If there’s something you want to learn in Life, learn to be compassionate.Compassion is the purest form of love. When you have something to offer, something to give – out of a deep understanding of the other’s predicament or need, out of purely being human, without really worrying about what’s in it for you! When you pity someone, you don’t really understand that person’s situation. You merely feel an emotion that makes you feel superior than the one that you are pitying – which is, in a way, you feel subconsciously good within you that you are mercifully not in that person’s shoes. Compassion, on the other hand, helps you relate to the other person and gets you to see the world from that person’s situation and act from that reference point!
|Devi, Sharma, Khan, Azmi – Being Human!
Pic Courtesy: The Indian Express
This morning’s papers in India have led with the story of two women who offered their kidneys to each other’s husbands in order to save their lives. These women are as disparate as you can find any two – age-wise, social-strata wise, education-wise, income-group-wise and religion-wise. Yet they reached out to each other and in the name of humanity offered to help each other. Fitraus Azmi, in her 20s, from Aurangabad, gave her kidney to save the Life of Uma Devi’s (in her 40s) husband, Devaki Nandan Sharma (52), who hails from Patna. And Devi, in turn, gave her kidney to Azmi’s husband, Mohammed Akhtar Khan, 29. The entire operation, in fact four of them, has been successful and has given the two men another lifeline from the acute renal failure situation that both were faced with. In a world where religion divides people, here compassion has brought them together. And how!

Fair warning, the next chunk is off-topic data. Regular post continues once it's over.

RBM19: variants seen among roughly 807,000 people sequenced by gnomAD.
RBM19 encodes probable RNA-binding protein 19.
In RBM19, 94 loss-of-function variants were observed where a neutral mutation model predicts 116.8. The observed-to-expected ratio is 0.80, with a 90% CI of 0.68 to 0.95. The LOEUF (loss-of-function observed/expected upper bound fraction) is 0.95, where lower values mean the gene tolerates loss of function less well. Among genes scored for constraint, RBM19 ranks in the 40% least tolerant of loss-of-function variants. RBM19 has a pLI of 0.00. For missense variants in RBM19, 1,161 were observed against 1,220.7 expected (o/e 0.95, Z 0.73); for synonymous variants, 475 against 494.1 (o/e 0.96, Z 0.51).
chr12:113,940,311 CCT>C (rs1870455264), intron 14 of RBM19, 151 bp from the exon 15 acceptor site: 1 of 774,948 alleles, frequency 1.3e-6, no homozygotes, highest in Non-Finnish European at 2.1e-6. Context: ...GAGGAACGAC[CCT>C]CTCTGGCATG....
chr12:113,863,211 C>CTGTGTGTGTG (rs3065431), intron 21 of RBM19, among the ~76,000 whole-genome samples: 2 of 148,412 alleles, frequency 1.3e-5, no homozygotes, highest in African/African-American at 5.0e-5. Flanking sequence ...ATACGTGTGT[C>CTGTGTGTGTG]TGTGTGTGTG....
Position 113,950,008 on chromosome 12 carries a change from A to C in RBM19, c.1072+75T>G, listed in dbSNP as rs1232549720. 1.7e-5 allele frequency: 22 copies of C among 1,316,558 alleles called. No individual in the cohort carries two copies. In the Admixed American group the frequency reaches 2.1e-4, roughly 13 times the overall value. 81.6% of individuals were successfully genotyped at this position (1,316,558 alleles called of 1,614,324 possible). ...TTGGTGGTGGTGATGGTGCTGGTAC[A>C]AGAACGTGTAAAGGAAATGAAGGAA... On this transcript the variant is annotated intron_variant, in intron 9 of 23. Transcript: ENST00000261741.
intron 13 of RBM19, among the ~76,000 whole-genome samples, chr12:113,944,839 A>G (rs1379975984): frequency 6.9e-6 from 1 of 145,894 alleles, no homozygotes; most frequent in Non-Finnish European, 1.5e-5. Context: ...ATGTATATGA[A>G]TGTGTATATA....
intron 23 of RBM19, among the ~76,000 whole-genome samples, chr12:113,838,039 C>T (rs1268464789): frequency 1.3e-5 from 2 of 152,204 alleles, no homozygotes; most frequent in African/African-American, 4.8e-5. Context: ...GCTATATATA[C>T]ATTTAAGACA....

I am reminded of what Osho, the Master, has once said: “In compassion, you simply give. In love, you are thankful because the other has given something to you. In compassion, you are thankful because the other has taken something from you. You are thankful because the other has not rejected you. You had come with energy to give, you had come with many flowers to share, and the other allowed you, the other was receptive.”
Giving compassionately, contrary to popular sentiment, is not at all difficult. Though many will submit that getting rid of the what’s-in-it-for-me question is well impossible. To get over that limiting thought, to scale that hurdle, remember these (relevant) words from the Gita Saram (Essence of The Bhagavad Gita):
“…What did you bring with you, for you to lose it?
What did you create, for it to be wasted or destroyed?
Whatever you took, it was taken from here.
Whatever you gave, it was given from here.
Whatever is yours today, will belong to someone else tomorrow.
On another day, it will belong to yet another.
This change is the Law of the Universe.”
To be liberated, therefore, be compassionate, be human – give freely!